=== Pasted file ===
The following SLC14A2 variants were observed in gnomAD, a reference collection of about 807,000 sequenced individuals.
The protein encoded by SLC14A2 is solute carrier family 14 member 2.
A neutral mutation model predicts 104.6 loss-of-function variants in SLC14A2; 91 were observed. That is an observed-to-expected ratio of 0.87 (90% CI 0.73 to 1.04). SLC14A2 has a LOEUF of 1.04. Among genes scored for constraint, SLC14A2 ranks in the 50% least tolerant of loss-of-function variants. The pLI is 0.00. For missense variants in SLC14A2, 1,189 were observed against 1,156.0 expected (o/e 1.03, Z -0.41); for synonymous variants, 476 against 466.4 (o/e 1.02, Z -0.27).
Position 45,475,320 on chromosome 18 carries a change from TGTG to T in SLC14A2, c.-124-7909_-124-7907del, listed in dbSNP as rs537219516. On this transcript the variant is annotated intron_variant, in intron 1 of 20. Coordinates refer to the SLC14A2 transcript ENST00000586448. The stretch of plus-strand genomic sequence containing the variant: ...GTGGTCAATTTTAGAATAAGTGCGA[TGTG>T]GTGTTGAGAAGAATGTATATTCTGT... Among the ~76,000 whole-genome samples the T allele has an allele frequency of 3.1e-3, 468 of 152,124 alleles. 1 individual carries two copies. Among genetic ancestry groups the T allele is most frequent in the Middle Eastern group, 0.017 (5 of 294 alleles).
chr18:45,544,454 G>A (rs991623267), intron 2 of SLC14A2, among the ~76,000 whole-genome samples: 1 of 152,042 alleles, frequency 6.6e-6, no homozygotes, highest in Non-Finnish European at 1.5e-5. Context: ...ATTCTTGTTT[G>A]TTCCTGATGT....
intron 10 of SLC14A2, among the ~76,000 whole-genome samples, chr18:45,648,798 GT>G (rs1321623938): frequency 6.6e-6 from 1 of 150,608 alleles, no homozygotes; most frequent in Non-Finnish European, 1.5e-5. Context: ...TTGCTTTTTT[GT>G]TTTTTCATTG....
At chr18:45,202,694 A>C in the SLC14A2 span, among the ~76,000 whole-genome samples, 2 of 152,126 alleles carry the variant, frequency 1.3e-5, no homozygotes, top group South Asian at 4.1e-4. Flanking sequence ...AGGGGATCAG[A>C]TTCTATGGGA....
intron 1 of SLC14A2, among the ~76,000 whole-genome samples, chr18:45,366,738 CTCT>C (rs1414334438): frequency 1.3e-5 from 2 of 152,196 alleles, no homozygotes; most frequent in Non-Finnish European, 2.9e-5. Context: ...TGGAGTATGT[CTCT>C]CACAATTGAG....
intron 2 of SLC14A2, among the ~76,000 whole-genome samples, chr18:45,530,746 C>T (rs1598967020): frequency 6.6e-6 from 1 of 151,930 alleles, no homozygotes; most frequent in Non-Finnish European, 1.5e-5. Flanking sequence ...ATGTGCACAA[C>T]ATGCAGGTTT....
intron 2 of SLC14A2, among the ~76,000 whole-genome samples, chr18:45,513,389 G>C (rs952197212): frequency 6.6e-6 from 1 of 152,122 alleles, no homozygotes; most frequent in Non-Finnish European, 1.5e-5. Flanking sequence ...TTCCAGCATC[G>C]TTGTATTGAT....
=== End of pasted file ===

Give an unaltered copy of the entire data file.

The following SLC14A2 variants were observed in gnomAD, a reference collection of about 807,000 sequenced individuals.
The protein encoded by SLC14A2 is solute carrier family 14 member 2.
A neutral mutation model predicts 104.6 loss-of-function variants in SLC14A2; 91 were observed. That is an observed-to-expected ratio of 0.87 (90% CI 0.73 to 1.04). SLC14A2 has a LOEUF of 1.04. Among genes scored for constraint, SLC14A2 ranks in the 50% least tolerant of loss-of-function variants. The pLI is 0.00. For missense variants in SLC14A2, 1,189 were observed against 1,156.0 expected (o/e 1.03, Z -0.41); for synonymous variants, 476 against 466.4 (o/e 1.02, Z -0.27).
Position 45,475,320 on chromosome 18 carries a change from TGTG to T in SLC14A2, c.-124-7909_-124-7907del, listed in dbSNP as rs537219516. On this transcript the variant is annotated intron_variant, in intron 1 of 20. Coordinates refer to the SLC14A2 transcript ENST00000586448. The stretch of plus-strand genomic sequence containing the variant: ...GTGGTCAATTTTAGAATAAGTGCGA[TGTG>T]GTGTTGAGAAGAATGTATATTCTGT... Among the ~76,000 whole-genome samples the T allele has an allele frequency of 3.1e-3, 468 of 152,124 alleles. 1 individual carries two copies. Among genetic ancestry groups the T allele is most frequent in the Middle Eastern group, 0.017 (5 of 294 alleles).
chr18:45,544,454 G>A (rs991623267), intron 2 of SLC14A2, among the ~76,000 whole-genome samples: 1 of 152,042 alleles, frequency 6.6e-6, no homozygotes, highest in Non-Finnish European at 1.5e-5. Context: ...ATTCTTGTTT[G>A]TTCCTGATGT....
intron 10 of SLC14A2, among the ~76,000 whole-genome samples, chr18:45,648,798 GT>G (rs1321623938): frequency 6.6e-6 from 1 of 150,608 alleles, no homozygotes; most frequent in Non-Finnish European, 1.5e-5. Context: ...TTGCTTTTTT[GT>G]TTTTTCATTG....
At chr18:45,202,694 A>C in the SLC14A2 span, among the ~76,000 whole-genome samples, 2 of 152,126 alleles carry the variant, frequency 1.3e-5, no homozygotes, top group South Asian at 4.1e-4. Flanking sequence ...AGGGGATCAG[A>C]TTCTATGGGA....
intron 1 of SLC14A2, among the ~76,000 whole-genome samples, chr18:45,366,738 CTCT>C (rs1414334438): frequency 1.3e-5 from 2 of 152,196 alleles, no homozygotes; most frequent in Non-Finnish European, 2.9e-5. Context: ...TGGAGTATGT[CTCT>C]CACAATTGAG....
intron 2 of SLC14A2, among the ~76,000 whole-genome samples, chr18:45,530,746 C>T (rs1598967020): frequency 6.6e-6 from 1 of 151,930 alleles, no homozygotes; most frequent in Non-Finnish European, 1.5e-5. Flanking sequence ...ATGTGCACAA[C>T]ATGCAGGTTT....
intron 2 of SLC14A2, among the ~76,000 whole-genome samples, chr18:45,513,389 G>C (rs952197212): frequency 6.6e-6 from 1 of 152,122 alleles, no homozygotes; most frequent in Non-Finnish European, 1.5e-5. Flanking sequence ...TTCCAGCATC[G>C]TTGTATTGAT....